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Caution: Keep Your Eye On Your Credit Rating

Caution: Keep Your Eye On Your Credit Rating

What is a
Credit Rating?

A credit rating is a statistical analysis of an
individual’s credit history. The credit rating is delivered as a number based
on the individuals debt vs. credit amount. 

This number is used by numerous
lenders (organizations that distribute loans or credit card companies) to
determine whether or not they will issue an individual or business a line of
credit. In essence, the credit rating is the fundamental statistic used to
evaluate an individual or entity’s credit-worthiness.
 

There are three agencies that will issue a credit
rating: TransUnion, Experian and Equifax. The majority of lenders will evaluate
the credit rating of two of the three agencies. The credit rating is
distributed in a report, which will detail the prospective borrower’s credit
history.

The formula used to determine a credit rating is
known as FICO. Named after the Fair Isaac Credit Organization (the first
company to use credit ratings), this formula will yield a number ranging from
300 to 900 (the three rating agencies will have different scales.) The lower
the credit rating, the greater the risk of default.

An
individual with a score that is below 500 is viewed as a risky borrower to most
lenders. The risk in this sense is tied into the borrower’s ability to repay
the loan or pay off his or her credit card. The credit rating, thus, acts as a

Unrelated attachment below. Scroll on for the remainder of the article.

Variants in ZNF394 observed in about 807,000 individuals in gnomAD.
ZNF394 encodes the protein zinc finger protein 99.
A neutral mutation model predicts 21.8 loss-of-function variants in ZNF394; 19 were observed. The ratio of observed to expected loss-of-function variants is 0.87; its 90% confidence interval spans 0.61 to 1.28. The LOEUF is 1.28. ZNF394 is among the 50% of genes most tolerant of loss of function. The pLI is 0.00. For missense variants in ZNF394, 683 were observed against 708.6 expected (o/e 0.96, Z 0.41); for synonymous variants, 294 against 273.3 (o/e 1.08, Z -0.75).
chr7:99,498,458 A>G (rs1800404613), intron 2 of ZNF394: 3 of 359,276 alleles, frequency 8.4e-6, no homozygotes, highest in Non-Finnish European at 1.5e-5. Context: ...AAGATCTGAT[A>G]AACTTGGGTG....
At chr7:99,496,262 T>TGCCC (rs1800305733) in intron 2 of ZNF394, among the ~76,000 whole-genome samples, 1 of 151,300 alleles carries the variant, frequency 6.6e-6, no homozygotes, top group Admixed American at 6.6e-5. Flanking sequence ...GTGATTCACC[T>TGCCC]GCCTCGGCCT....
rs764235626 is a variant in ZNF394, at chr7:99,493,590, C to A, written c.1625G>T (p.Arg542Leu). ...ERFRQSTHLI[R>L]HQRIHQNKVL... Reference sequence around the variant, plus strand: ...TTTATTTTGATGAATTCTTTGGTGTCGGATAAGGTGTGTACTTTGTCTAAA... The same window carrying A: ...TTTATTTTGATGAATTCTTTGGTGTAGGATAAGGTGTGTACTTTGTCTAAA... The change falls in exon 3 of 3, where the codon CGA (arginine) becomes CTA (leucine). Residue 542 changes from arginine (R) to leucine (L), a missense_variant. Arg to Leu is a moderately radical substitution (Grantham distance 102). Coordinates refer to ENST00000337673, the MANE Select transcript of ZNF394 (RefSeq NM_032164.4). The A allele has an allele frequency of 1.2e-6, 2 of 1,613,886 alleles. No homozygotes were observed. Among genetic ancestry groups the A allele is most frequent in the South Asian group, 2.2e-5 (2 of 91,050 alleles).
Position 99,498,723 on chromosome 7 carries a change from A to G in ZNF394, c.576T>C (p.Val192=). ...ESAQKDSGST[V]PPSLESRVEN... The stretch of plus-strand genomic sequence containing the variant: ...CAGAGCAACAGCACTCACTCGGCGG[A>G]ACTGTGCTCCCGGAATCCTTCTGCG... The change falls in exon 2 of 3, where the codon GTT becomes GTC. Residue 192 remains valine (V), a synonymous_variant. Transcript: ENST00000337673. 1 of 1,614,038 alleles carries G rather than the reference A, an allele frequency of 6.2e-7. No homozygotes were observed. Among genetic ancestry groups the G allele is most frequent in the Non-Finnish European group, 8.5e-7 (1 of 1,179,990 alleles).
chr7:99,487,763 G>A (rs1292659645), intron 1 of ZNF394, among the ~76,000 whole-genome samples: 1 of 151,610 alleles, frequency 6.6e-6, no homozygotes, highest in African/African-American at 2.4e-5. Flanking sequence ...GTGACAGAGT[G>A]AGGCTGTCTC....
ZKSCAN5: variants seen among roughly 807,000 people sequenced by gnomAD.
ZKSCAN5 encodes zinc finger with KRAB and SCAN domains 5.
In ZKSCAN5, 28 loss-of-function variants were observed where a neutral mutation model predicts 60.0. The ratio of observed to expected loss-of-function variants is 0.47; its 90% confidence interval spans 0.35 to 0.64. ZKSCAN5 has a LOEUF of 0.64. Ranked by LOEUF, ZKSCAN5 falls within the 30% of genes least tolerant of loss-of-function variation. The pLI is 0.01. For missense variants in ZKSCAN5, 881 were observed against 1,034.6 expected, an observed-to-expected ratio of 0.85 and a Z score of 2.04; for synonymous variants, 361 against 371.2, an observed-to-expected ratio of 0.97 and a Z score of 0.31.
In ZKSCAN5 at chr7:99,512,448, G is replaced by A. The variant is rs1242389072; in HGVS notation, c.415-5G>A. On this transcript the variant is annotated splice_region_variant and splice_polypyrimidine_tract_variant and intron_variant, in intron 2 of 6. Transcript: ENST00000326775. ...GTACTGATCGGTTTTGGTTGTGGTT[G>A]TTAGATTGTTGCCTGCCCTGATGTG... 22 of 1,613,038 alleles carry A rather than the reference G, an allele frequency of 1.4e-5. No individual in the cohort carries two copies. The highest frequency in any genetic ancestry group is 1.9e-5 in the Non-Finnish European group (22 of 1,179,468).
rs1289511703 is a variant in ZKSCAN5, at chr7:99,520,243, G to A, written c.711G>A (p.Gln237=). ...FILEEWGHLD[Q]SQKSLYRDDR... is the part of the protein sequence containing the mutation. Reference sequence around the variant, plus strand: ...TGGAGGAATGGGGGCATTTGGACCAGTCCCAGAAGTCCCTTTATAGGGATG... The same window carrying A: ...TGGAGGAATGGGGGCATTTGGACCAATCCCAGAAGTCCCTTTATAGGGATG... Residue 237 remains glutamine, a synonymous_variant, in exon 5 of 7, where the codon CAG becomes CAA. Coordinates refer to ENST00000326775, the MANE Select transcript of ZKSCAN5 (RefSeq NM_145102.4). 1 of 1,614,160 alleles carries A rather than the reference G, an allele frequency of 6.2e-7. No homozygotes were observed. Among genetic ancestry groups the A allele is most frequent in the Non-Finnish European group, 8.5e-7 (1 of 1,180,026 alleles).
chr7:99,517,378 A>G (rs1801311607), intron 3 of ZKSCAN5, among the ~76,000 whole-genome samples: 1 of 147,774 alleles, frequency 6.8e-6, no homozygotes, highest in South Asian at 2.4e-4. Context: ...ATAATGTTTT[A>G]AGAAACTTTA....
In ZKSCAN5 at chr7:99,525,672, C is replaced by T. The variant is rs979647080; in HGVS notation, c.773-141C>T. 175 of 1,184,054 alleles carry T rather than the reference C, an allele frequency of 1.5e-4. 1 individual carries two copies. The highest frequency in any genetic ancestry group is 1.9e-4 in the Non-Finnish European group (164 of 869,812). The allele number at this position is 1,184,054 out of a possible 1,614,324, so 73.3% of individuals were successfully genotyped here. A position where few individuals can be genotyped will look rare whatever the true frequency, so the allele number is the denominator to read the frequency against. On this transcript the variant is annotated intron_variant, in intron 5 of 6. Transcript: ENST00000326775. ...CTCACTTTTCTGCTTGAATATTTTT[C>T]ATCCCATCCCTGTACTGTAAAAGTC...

gauge to determine a risk of default. Ratings closer to 300 are viewed as
extremely risky, while those above 800 are viewed as possessing limited to no
risk.

The FICO Calculation used for Credit Ratings

The FICO score is calculated based on the
percentage of an individual’s total credit that is currently being utilized,
the amount of time an individual has had an open line of credit, the types of
credit lines the individual possesses, the amount of past lines of credit the
individual has had, and the number of delinquent payments the individual has on
his or her record.
 

Each variable in the FICO calculation contains the
following percentage weight to determine one’s credit rating: Amount of credit
currently utilized (30%), the period of time the lines of credit have been open
(15%), the types of credit lines open (10%), the size of past lines of credit
(10%), and the number of delinquent payments (35%).

In a general sense, a credit rating around 500 is
viewed as high risk. This score will generally yield a refusal to lend. If an
individual obtains a credit line with a credit rating around 500, they will be
given a line of credit with higher interest rates, increased fees and
complicated terms.

In contrast,
a credit rating of 800 or above will grant an individual the lowest possible
interest rates, small down payments (where applicable) and limited fees. A credit
rating of around 650 is viewed as safe enough to receive favorable terms. This
score will typically be good enough to receive a new line of credit.
 

How do I view my Credit Rating?

The majority of organizations offer online access
to your credit rating. These websites will offer reports from the leading
credit agencies and detail why your score may be low. Given the importance of
favorable terms and interest rates, it is recommended that you view your credit
rating to ensure that no mistakes have been made. 

Oftentimes an individual’s credit
rating will be lowered because of a forgotten debt or miscalculated payment. In
order to raise one’s credit rating, they must realize the position they are in.
As a result of this, paying a small fee to view your credit rating is well
worth it. 
 

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